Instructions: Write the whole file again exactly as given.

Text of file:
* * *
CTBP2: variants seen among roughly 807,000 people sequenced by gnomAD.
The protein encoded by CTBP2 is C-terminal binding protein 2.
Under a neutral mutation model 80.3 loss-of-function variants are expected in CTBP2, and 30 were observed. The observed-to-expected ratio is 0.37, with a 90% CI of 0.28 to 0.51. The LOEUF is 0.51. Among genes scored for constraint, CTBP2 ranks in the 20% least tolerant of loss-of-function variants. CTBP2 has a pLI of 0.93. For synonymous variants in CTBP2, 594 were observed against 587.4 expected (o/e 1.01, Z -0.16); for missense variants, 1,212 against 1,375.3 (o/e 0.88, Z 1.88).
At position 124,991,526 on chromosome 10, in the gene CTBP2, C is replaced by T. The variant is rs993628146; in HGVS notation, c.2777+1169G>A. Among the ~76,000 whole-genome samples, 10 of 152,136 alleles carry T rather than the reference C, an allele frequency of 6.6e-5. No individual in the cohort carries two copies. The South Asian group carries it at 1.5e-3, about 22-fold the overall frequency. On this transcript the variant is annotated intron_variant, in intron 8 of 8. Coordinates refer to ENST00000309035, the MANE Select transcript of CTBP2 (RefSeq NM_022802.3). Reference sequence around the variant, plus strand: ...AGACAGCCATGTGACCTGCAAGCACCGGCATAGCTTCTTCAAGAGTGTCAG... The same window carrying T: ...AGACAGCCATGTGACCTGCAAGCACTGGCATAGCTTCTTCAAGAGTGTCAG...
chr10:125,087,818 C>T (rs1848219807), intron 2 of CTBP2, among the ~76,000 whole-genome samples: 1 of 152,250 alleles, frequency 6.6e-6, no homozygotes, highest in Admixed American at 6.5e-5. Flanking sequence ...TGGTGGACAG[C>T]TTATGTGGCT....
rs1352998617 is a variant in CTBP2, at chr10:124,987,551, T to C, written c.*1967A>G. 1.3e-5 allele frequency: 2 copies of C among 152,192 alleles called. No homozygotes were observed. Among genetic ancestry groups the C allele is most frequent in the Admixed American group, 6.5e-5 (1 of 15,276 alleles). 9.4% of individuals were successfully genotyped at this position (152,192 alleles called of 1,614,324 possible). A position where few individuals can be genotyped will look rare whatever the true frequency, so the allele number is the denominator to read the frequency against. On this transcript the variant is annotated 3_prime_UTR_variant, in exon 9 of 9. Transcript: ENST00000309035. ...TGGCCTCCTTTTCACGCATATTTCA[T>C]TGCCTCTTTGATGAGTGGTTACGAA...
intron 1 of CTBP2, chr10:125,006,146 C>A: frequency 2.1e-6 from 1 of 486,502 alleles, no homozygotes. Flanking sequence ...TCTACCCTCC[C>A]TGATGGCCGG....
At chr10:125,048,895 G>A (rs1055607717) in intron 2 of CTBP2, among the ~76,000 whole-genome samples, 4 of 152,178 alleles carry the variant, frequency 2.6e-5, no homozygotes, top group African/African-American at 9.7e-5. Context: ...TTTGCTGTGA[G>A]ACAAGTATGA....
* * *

CTBP2: variants seen among roughly 807,000 people sequenced by gnomAD.
The protein encoded by CTBP2 is C-terminal binding protein 2.
Under a neutral mutation model 80.3 loss-of-function variants are expected in CTBP2, and 30 were observed. The observed-to-expected ratio is 0.37, with a 90% CI of 0.28 to 0.51. The LOEUF is 0.51. Among genes scored for constraint, CTBP2 ranks in the 20% least tolerant of loss-of-function variants. CTBP2 has a pLI of 0.93. For synonymous variants in CTBP2, 594 were observed against 587.4 expected (o/e 1.01, Z -0.16); for missense variants, 1,212 against 1,375.3 (o/e 0.88, Z 1.88).
At position 124,991,526 on chromosome 10, in the gene CTBP2, C is replaced by T. The variant is rs993628146; in HGVS notation, c.2777+1169G>A. Among the ~76,000 whole-genome samples, 10 of 152,136 alleles carry T rather than the reference C, an allele frequency of 6.6e-5. No individual in the cohort carries two copies. The South Asian group carries it at 1.5e-3, about 22-fold the overall frequency. On this transcript the variant is annotated intron_variant, in intron 8 of 8. Coordinates refer to ENST00000309035, the MANE Select transcript of CTBP2 (RefSeq NM_022802.3). Reference sequence around the variant, plus strand: ...AGACAGCCATGTGACCTGCAAGCACCGGCATAGCTTCTTCAAGAGTGTCAG... The same window carrying T: ...AGACAGCCATGTGACCTGCAAGCACTGGCATAGCTTCTTCAAGAGTGTCAG...
chr10:125,087,818 C>T (rs1848219807), intron 2 of CTBP2, among the ~76,000 whole-genome samples: 1 of 152,250 alleles, frequency 6.6e-6, no homozygotes, highest in Admixed American at 6.5e-5. Flanking sequence ...TGGTGGACAG[C>T]TTATGTGGCT....
rs1352998617 is a variant in CTBP2, at chr10:124,987,551, T to C, written c.*1967A>G. 1.3e-5 allele frequency: 2 copies of C among 152,192 alleles called. No homozygotes were observed. Among genetic ancestry groups the C allele is most frequent in the Admixed American group, 6.5e-5 (1 of 15,276 alleles). 9.4% of individuals were successfully genotyped at this position (152,192 alleles called of 1,614,324 possible). A position where few individuals can be genotyped will look rare whatever the true frequency, so the allele number is the denominator to read the frequency against. On this transcript the variant is annotated 3_prime_UTR_variant, in exon 9 of 9. Transcript: ENST00000309035. ...TGGCCTCCTTTTCACGCATATTTCA[T>C]TGCCTCTTTGATGAGTGGTTACGAA...
intron 1 of CTBP2, chr10:125,006,146 C>A: frequency 2.1e-6 from 1 of 486,502 alleles, no homozygotes. Flanking sequence ...TCTACCCTCC[C>A]TGATGGCCGG....
At chr10:125,048,895 G>A (rs1055607717) in intron 2 of CTBP2, among the ~76,000 whole-genome samples, 4 of 152,178 alleles carry the variant, frequency 2.6e-5, no homozygotes, top group African/African-American at 9.7e-5. Context: ...TTTGCTGTGA[G>A]ACAAGTATGA....